By Benjamin Schuman-Stoler
The New York Times runs a piece today on settlers who don’t believe in the settlements. Yes, that’s right:
While the vast majority of settlers vow never to abandon the heart of the historic Jewish homeland — these ancient and starkly beautiful hills whose biblical names are Judea and Samaria — thousands of other settlers say they want to move back to within the pre-1967 borders of Israel.
There are 280,000 settlers in the West Bank (200,000 more Israeli Jews live in East Jerusalem, also captured in 1967), and the vast majority are firmly committed to staying and oppose a Palestinian state here. But 80,000 of them live beyond the barrier, and surveys indicate that many would leave. If they did, others might follow voluntarily.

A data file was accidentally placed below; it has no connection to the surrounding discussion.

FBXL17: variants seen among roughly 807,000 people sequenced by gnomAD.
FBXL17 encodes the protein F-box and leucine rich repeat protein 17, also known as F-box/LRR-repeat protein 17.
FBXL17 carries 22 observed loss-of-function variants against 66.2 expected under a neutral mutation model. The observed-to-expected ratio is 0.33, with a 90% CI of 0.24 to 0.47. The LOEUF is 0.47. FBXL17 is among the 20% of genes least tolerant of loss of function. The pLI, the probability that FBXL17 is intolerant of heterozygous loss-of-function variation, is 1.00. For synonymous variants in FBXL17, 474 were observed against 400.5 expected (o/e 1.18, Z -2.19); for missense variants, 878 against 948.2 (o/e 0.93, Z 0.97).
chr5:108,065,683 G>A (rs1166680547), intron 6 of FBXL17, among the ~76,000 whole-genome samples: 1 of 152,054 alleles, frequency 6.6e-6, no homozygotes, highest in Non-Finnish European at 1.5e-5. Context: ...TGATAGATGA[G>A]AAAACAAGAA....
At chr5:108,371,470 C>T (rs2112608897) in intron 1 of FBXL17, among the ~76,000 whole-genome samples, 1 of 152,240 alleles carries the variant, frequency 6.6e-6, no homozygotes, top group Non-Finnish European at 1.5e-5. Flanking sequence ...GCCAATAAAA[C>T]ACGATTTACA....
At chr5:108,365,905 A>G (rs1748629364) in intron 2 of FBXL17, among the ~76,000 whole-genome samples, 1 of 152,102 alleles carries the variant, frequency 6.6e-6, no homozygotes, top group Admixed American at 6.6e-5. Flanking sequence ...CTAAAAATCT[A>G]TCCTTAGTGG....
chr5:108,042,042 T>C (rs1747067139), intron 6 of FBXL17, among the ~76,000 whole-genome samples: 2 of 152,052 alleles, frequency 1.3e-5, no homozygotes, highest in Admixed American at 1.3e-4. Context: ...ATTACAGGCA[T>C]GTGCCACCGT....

“We did a survey three years ago and again last year, and the results were the same,” said Avshalom Vilan, a Parliament member from the left-wing Meretz Party. “Half the settlers beyond the barrier are ideologically motivated and do not want to move. But about 40 percent of them are ready to go for a reasonable price.”
Well, in any case, they should take their place among the non-Jewish Jew, the self-loathing egoist, and other characteristic personality conflicts that make the tribe oh so intriguing.